Change in Bail Status; Judge Revokes Pretrial Release After Seeing ‘Graphic’ Photos in Child Abuse Case

By Allison Hodge


SACRAMENTO, CA — Defendant Adam Martinez was recommitted to County Jail and held without bail Wednesday in Sacramento County Superior Court Dept. 63 after new evidence and arguments from the prosecution.


Judge Patrick Marlette revoked the defendant’s level six pretrial release conditions that were granted earlier. Martinez faces one count of child endangerment and one count of child abuse against his eight-month-old baby.


Deputy District Attorney Quirina Orozco asked to be heard on the defendant’s bail status after she discovered photographs that showed the injuries to the child at the time of the alleged abuse. She relayed to the court the severity of the injuries, which included bite marks and bruises all over the baby’s body.


Orozco argued that the discovery of the photographs represented a change in circumstances. Although the pictures were not shown in court, she claimed that “They appear to be very disturbing and graphic.”


The prosecution added, “As awful as it was to look at those photos, I would be derelict in my duties as a prosecutor to not have provided those to the court for review.”


Orozco went on to argue that the photos show a degree of “dangerousness and callousness” that reflect the seriousness of the allegations and injuries to an infant child. She maintained, “When you see the gravity of the photos, it shocks the conscience…it offends our basic values.”


“Biting as a form of punishment,” Orozco continued, “is a little different…it is more intimate and depraved and animalistic.”


The prosecution also asserted that Martinez is a flight risk, citing his tendency to lie to police officers when questioned about the child’s injuries and history of domestic violence. The defendant reportedly admitted to pinching and biting the child in a call with an officer, but later allegedly changed his story and lied to detectives.


Orozco maintained that an ankle monitor, as previously ordered, was not sufficient to protect the public, and asked for the initial bail to be reinstated.


Private defense attorney Jonathan Gonzalez responded with the complaint that everything the people mentioned was already ruled on and that there was no change in circumstances.


Gonzalez maintained that the photographs were already in the possession of law enforcement officers. Nothing, in other words, had changed since the ruling was made last week, he maintained.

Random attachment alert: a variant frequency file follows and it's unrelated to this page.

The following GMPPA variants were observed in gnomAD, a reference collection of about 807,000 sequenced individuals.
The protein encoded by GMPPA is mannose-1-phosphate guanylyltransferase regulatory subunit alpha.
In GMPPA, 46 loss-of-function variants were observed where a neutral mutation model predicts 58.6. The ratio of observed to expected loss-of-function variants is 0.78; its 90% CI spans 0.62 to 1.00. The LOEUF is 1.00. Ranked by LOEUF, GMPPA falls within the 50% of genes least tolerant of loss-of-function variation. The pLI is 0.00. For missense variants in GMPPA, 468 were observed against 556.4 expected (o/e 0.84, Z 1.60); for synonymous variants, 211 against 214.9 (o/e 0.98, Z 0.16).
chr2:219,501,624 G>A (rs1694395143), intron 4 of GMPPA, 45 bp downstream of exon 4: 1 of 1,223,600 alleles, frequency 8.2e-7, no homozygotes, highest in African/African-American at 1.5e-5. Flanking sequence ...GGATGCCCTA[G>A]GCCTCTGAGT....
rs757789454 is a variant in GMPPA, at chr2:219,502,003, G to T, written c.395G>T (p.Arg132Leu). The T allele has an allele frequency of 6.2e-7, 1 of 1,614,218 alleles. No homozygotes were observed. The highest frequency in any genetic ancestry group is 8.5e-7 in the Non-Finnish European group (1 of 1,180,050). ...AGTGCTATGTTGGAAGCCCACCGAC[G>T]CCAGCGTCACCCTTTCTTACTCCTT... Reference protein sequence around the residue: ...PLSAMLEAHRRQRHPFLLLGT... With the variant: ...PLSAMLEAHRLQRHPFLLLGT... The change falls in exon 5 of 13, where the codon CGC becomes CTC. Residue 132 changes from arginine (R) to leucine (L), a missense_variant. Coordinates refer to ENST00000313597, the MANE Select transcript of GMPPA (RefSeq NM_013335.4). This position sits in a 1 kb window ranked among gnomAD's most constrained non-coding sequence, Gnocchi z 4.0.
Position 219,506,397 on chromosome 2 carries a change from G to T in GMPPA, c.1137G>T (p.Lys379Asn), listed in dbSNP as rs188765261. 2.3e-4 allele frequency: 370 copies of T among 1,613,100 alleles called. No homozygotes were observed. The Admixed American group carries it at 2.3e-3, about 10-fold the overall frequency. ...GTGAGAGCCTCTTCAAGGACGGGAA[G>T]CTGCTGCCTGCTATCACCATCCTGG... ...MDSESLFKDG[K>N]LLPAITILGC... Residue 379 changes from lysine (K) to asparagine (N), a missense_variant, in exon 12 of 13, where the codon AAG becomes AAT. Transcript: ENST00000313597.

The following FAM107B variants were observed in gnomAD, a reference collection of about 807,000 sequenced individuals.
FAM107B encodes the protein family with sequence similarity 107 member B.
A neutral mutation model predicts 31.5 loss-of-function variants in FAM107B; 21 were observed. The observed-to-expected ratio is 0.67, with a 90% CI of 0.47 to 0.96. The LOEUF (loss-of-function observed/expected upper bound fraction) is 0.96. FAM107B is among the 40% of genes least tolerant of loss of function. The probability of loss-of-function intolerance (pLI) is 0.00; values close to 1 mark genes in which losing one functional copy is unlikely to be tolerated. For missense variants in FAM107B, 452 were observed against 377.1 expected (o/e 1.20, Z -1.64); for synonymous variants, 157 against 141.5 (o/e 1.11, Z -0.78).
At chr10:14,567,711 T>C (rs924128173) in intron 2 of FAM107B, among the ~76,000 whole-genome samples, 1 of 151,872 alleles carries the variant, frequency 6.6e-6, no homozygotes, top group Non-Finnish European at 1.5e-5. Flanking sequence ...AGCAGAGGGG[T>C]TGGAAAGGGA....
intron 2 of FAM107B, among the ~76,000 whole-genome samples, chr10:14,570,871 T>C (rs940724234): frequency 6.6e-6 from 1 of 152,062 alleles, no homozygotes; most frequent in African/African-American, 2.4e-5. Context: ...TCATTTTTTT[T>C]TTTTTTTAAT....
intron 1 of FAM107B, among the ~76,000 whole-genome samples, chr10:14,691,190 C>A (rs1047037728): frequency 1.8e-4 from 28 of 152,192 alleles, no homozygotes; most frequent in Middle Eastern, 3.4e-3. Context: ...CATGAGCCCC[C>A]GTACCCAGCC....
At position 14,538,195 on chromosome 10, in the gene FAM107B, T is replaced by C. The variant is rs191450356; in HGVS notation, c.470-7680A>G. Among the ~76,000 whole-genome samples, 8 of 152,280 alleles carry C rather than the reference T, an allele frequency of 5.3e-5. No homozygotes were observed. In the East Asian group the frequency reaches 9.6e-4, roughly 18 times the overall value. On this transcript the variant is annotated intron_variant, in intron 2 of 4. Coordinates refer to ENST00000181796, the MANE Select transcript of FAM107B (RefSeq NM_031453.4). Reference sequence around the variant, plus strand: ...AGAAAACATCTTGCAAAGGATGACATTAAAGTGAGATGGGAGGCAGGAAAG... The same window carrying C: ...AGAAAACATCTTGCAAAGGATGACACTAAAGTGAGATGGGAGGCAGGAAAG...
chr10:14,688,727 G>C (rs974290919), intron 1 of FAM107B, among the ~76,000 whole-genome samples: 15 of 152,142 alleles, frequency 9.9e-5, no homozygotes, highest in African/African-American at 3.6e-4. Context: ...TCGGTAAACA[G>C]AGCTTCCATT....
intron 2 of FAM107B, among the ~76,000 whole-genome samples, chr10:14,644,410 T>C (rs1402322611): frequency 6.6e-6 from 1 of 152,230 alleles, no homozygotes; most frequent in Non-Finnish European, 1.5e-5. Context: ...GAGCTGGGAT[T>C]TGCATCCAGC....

The defense alleged, “All she’s doing is repeating over and over again the facts of this case. They’re not even facts, they are what she thinks are the facts.”


Gonzalez also noted the prosecution failed to consider that the mother initially told police officers that there was never any domestic violence inflicted on her. It was only when Child Protective Services got involved that she alleged he was a very violent person.


The defense concluded that Martinez had no prior criminal history and was best served with a GPS ankle monitor.


Judge Marlette then made a few observations before ruling on bail and maintained that the photographs did represent a change in circumstances. He affirmed the people’s assessment of the pictures and stated that he too believed they “shock the conscience” after viewing the graphic injuries for himself.


In other words, the judge suggested, there is a difference between the court hearing about bites and bruises, and actually seeing the graphic nature of the photographs.


Judge Marlette ultimately ruled that the charges and evidence point to a substantial possibility of great bodily injury to the public or others upon release.


Considering the allegations of previous domestic violence and the gravity of the photographs, Judge Marlette ordered the defendant to be held in custody without bail for the time being.


The case is set to return on Aug. 17 for further proceedings.

About The Author

Allison is a rising senior at UC Davis, majoring in History and Political Science. She is originally from Clovis, CA, and is pursuing a career in civil rights and/or constitutional law.

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